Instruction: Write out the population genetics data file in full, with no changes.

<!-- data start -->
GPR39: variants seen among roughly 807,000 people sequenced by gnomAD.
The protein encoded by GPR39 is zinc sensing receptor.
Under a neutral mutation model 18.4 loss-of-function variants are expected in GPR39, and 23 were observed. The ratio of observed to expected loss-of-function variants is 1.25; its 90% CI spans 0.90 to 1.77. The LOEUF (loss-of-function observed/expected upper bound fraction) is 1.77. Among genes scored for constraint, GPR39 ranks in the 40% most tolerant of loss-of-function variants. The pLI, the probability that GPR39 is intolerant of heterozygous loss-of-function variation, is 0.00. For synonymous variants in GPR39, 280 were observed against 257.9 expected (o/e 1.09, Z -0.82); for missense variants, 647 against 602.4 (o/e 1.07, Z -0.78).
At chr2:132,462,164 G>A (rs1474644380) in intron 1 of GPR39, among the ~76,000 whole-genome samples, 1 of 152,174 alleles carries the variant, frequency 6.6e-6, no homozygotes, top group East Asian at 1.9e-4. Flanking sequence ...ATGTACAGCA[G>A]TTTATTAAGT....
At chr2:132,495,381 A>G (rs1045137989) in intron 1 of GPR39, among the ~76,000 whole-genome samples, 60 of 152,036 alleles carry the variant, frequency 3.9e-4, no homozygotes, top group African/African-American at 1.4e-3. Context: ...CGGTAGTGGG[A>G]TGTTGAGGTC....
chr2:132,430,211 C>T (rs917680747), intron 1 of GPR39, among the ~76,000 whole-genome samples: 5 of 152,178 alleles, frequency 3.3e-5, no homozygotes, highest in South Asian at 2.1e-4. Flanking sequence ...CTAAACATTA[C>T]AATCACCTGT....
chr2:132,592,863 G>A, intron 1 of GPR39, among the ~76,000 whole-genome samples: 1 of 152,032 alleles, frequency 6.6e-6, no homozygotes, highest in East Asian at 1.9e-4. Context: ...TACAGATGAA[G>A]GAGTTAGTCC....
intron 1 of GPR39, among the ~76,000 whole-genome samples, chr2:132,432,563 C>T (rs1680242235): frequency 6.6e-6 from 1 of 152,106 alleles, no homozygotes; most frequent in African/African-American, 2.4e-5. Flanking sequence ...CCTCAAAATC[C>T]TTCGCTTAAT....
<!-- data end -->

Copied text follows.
GPR39: variants seen among roughly 807,000 people sequenced by gnomAD.
The protein encoded by GPR39 is zinc sensing receptor.
Under a neutral mutation model 18.4 loss-of-function variants are expected in GPR39, and 23 were observed. The ratio of observed to expected loss-of-function variants is 1.25; its 90% CI spans 0.90 to 1.77. The LOEUF (loss-of-function observed/expected upper bound fraction) is 1.77. Among genes scored for constraint, GPR39 ranks in the 40% most tolerant of loss-of-function variants. The pLI, the probability that GPR39 is intolerant of heterozygous loss-of-function variation, is 0.00. For synonymous variants in GPR39, 280 were observed against 257.9 expected (o/e 1.09, Z -0.82); for missense variants, 647 against 602.4 (o/e 1.07, Z -0.78).
At chr2:132,462,164 G>A (rs1474644380) in intron 1 of GPR39, among the ~76,000 whole-genome samples, 1 of 152,174 alleles carries the variant, frequency 6.6e-6, no homozygotes, top group East Asian at 1.9e-4. Flanking sequence ...ATGTACAGCA[G>A]TTTATTAAGT....
At chr2:132,495,381 A>G (rs1045137989) in intron 1 of GPR39, among the ~76,000 whole-genome samples, 60 of 152,036 alleles carry the variant, frequency 3.9e-4, no homozygotes, top group African/African-American at 1.4e-3. Context: ...CGGTAGTGGG[A>G]TGTTGAGGTC....
chr2:132,430,211 C>T (rs917680747), intron 1 of GPR39, among the ~76,000 whole-genome samples: 5 of 152,178 alleles, frequency 3.3e-5, no homozygotes, highest in South Asian at 2.1e-4. Flanking sequence ...CTAAACATTA[C>T]AATCACCTGT....
chr2:132,592,863 G>A, intron 1 of GPR39, among the ~76,000 whole-genome samples: 1 of 152,032 alleles, frequency 6.6e-6, no homozygotes, highest in East Asian at 1.9e-4. Context: ...TACAGATGAA[G>A]GAGTTAGTCC....
intron 1 of GPR39, among the ~76,000 whole-genome samples, chr2:132,432,563 C>T (rs1680242235): frequency 6.6e-6 from 1 of 152,106 alleles, no homozygotes; most frequent in African/African-American, 2.4e-5. Flanking sequence ...CCTCAAAATC[C>T]TTCGCTTAAT....